Malaysia to accommodate Taiwan petrochemical investment: official

Focus Taiwan 13 Apr 11;

Kuala Lumpur, April 13 (CNA) If Taiwan's state-run oil company decides to move a petrochemical investment project to Malaysia, the country will accommodate the needs of the company, a Malaysian official said Wednesday.

Malaysia will be "flexible for their special request" by CPC Corp., Taiwan executives, said Mukhriz Mahathir, Malaysia's deputy minister of international trade and industry.

CPC executives said Tuesday that Malaysia's offer of a 10-year tax holiday and an expedited environmental impact assessment was an average standard incentive package for foreign investors.

However, Mahathir told the CNA that his country will do its best to satisfy the needs of the Taiwan investor in every way, if Kuokuang Petrochemical Technology Co., an affiliate of CPC, decides to relocate its controversial petrochemical plant to Malaysia.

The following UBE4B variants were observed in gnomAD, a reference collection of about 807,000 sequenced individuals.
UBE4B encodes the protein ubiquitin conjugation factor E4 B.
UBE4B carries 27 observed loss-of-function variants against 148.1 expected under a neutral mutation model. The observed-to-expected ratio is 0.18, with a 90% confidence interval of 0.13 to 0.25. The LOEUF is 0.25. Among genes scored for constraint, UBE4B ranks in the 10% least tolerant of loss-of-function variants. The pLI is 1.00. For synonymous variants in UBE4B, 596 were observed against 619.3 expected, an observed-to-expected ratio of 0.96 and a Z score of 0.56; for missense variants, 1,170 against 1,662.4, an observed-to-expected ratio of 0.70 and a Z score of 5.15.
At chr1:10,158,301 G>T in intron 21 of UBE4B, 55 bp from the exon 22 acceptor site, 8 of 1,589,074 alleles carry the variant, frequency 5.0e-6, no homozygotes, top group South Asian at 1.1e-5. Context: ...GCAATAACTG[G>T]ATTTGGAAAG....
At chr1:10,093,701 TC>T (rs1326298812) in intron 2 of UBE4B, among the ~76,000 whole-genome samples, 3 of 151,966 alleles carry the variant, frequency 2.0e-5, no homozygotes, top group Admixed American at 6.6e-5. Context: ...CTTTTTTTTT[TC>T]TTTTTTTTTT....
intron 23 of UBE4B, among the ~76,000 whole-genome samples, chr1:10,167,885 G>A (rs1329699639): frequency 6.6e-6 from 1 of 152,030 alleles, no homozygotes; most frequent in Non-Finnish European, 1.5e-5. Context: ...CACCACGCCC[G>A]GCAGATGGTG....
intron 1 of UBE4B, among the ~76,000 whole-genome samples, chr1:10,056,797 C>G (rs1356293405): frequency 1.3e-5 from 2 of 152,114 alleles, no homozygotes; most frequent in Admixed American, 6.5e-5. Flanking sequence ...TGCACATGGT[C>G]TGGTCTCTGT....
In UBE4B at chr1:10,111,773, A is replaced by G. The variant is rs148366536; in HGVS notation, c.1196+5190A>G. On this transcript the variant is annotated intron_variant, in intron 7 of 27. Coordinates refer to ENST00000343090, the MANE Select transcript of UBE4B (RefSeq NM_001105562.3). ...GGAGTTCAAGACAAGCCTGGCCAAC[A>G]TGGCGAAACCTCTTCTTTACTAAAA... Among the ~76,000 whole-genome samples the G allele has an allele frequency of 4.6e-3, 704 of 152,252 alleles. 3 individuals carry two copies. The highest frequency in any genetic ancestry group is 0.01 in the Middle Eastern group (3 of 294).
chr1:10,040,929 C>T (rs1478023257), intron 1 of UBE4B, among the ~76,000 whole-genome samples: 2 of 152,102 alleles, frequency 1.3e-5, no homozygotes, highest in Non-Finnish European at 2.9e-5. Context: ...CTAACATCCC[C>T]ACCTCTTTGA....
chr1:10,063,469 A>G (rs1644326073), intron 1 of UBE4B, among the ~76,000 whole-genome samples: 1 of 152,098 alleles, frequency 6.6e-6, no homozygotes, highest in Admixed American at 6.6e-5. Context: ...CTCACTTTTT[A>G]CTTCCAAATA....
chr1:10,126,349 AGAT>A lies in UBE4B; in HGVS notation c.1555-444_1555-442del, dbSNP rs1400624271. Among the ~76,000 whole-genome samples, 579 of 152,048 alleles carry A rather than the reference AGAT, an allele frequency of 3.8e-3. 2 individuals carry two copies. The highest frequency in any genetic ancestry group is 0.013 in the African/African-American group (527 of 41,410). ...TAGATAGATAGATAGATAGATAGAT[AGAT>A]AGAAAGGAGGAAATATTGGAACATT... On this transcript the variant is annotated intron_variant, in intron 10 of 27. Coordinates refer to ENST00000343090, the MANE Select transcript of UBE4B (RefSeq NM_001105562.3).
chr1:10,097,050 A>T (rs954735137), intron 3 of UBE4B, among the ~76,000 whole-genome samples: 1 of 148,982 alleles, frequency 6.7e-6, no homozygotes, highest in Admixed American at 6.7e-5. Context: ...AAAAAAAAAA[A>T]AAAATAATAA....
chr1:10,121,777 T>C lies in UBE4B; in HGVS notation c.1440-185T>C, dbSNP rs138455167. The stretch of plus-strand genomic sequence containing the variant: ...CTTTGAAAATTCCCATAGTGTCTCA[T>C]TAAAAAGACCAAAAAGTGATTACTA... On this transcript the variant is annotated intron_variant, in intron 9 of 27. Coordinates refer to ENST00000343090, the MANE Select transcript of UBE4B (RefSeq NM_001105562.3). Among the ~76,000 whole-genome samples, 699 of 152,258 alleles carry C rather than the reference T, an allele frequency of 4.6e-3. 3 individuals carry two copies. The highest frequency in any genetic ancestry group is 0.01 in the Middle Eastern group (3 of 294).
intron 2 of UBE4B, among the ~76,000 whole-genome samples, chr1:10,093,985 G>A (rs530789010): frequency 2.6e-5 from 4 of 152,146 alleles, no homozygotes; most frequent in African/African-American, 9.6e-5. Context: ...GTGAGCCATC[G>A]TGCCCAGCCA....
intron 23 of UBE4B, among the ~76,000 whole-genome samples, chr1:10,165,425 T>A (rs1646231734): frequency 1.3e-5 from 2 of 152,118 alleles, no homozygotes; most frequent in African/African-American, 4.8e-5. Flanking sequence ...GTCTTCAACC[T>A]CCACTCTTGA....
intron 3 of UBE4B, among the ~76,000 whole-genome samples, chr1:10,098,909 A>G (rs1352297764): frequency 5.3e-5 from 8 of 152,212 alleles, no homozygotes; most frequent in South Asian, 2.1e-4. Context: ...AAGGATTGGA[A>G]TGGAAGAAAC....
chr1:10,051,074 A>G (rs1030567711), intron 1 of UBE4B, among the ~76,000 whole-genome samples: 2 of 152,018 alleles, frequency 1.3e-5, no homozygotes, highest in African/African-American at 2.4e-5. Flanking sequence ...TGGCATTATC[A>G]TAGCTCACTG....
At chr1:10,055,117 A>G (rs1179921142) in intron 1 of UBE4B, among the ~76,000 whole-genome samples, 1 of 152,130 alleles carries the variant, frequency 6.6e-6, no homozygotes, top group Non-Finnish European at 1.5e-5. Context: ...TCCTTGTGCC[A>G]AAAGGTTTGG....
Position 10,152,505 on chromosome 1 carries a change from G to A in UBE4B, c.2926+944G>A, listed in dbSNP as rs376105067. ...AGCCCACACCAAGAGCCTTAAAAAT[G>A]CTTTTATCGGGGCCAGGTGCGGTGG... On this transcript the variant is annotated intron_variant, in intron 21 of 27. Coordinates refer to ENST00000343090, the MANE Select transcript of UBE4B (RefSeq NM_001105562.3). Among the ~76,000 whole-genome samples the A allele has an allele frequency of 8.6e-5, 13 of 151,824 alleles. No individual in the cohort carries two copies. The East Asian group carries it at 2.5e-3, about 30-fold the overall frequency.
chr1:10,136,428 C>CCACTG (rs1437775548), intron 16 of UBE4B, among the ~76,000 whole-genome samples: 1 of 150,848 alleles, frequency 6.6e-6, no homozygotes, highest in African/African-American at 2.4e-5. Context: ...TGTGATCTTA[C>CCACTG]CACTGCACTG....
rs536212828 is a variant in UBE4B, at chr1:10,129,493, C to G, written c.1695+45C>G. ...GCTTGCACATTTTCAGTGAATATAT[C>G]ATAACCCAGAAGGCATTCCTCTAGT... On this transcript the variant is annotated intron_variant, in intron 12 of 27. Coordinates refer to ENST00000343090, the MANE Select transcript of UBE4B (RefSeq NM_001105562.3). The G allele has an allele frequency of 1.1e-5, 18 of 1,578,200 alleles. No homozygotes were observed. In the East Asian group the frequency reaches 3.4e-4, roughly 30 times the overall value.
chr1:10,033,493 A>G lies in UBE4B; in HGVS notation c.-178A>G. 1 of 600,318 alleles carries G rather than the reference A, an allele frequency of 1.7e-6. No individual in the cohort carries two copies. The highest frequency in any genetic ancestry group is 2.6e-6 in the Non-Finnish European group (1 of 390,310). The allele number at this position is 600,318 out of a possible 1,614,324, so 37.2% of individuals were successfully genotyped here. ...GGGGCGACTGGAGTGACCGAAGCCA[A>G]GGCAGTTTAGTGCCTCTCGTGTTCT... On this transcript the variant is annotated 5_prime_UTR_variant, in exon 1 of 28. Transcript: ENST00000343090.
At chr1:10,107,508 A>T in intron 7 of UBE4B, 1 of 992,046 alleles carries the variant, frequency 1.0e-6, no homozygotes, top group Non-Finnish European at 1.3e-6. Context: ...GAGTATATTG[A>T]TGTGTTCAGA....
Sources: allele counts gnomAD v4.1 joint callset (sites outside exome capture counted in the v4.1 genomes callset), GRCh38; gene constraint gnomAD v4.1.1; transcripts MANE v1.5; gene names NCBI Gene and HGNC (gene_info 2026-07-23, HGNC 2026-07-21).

If CPC is not satisfied with the Johore and Port Klang locations offered, arrangements could be made for the company to look at other sites such as Sabah and Sarawak, he said.

Asked about Malaysia's edge over China, which reportedly is also keen to attract the investment project, Mahathir said that while Malaysia does not have much oil or natural gas, it has the relevant expertise and technology.

In addition, it has several locations that Taiwan can choose from, he said. From a long-term perspective, Malaysia is also politically stable, which means there is no danger of abrupt policy changes, he said.

Taiwan's Economics Minister Shih Yen-shiang said earlier this month that if the project had to be relocated overseas because of protests by environmental groups, CPC would be inclined to choose Malaysia.

The multi-billion-dollar project was initiated by Kuokuang Petrochemical to expand oil refining capacity and the production of chemicals such as ethylene.

Critics said the plan to build the complex in the Dacheng Wetlands in central Taiwan would create losses that would outweigh the benefits. The disadvantages would include damage to local oyster and eel-farming industries, and health hazards to local residents, they said. (By Sun Tien-mei and Lilian Wu) enditem/ pc